The words of W.B. Yeats in his often quoted poem Easter 1916 could be applied in part – the first part – to Legal Geek which I attended yesterday in London: “All changed. Changed utterly. A terrible beauty is born”. The word terrible referred to the terror experienced by the repressed, as Yeats saw it. Covid 19 … Continue reading LegalGeek: changed, yes; a terrible beauty, no (Guest Post)
A striking feature of many corporate or other scandals is how organisations and their lawyers construct a system of mutually assured irresponsibility. Some of this is done artfully, some without even thinking about it. The problem often, subtly or unsubtly, comes down to this: the client says they did what they did because the lawyer … Continue reading Mutually Assured Irresponsibility: An Example from the Post Office
The Levitt Report into trouble at RICS is a document which may reverberate for a while. To anyone who has expressed doubts about whether an independent review is really independent here we have a blow by blow account that will give sceptics, especially any who have had cause to doubt a Fieldfisher review, a hefty … Continue reading The Levitt Report: Independence Frayed
Given the importance of the case, and that I have written about it before twice, I thought I should probably comment on the decision that there was no case to answer in the Hillsborough prosecution of SYP’s then solicitor, Peter Metcalf. The judge’s reasoning can be found here, alongside the press summary, and the important … Continue reading Hillsborough III: No case to answer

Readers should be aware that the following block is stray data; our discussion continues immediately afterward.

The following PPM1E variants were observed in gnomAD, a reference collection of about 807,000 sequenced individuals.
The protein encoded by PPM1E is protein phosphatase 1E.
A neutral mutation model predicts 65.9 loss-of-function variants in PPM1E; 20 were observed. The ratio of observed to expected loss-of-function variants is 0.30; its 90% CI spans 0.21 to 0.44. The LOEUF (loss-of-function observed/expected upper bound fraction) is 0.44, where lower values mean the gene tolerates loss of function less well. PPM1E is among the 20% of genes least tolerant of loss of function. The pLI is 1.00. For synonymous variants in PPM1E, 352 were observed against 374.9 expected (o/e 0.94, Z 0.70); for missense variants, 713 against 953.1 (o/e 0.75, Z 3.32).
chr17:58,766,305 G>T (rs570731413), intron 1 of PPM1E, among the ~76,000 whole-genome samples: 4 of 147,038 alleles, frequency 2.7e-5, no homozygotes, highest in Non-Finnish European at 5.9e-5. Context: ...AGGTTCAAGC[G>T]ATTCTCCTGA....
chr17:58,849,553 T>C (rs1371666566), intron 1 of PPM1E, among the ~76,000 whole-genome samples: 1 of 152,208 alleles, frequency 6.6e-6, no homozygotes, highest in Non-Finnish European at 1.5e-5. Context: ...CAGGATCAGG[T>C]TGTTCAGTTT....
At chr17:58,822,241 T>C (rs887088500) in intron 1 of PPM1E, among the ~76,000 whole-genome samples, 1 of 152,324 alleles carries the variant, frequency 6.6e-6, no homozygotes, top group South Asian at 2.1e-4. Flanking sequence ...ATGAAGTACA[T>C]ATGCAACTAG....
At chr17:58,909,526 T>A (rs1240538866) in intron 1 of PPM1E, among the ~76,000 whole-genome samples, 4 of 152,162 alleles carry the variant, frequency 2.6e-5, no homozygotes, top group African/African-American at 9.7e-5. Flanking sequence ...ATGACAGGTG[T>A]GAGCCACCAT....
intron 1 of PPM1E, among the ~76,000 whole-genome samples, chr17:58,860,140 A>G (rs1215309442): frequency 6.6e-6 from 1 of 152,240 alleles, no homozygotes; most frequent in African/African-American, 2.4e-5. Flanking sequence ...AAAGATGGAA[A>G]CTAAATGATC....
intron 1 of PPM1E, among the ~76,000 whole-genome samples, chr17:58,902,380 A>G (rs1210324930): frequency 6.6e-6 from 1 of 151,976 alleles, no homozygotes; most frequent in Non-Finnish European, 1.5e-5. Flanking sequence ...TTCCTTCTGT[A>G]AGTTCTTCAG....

A quick post this one and then I have to go and do other things for a bit. Readers might be interested in an example piece of evidence which, for me, crystallises the problems at work. It shows the ways in which failures to prosecute ethically may link to failures to govern the company ethically … Continue reading Post Office III: Pleas Displease Me
A few extra points on what questions are posed the Post Office case now I have had a chance to dig into the detail a bit. The Court of Appeal praised the diligence and thoroughness of the post-conviction disclosure carried out in relation to the appeals (paragraph 61 of the Hamilton judgment). I think it … Continue reading Post Office II: Contempt, recusal, culture
Hamilton and Others-v-Post-Office  EWCA Crim 577 is a pretty gut wrenching tale of corporate misdeeds. All the wrong doing is rather faceless at the minute, but it cannot – one hopes – remain that way for too much longer. For reasons which I will make clear some of those faces will very likely be … Continue reading The Post Office ‘where were the lawyers?’ post
The FT have prised open some details on a case last heard in 2019 which illustrates some of the interesting problemns inherent in independent investigations. In this case, Ms A claimed unfair constructive dismissal and sex and disability discrimination, which included an allegation that she was raped by a UBS employee and failures in the … Continue reading Independence MsA takes
The profession has certain stories it tells itself which are probably not true. One such is exposed by an interesting piece of US research by Listokin and Noonan (published here and available without a paywall, I think, here. That story is that, “lawyers are uniquely unhappy”, in particular that they suffer higher levels of mental … Continue reading Sloshed not sick?
The travails of Duncan Lewis, Stephanie Harrison QC and the rest of her team, in the R (DVP & Others) v SSHD EWHC 606 (Admin) [the DVP case] can be seen as grist to the Government's anti-activist lawyers mill. It's a toe-curling judgment. I am going to talk about the facts of the case at … Continue reading Candour in Context: who’s activism should we spotlight?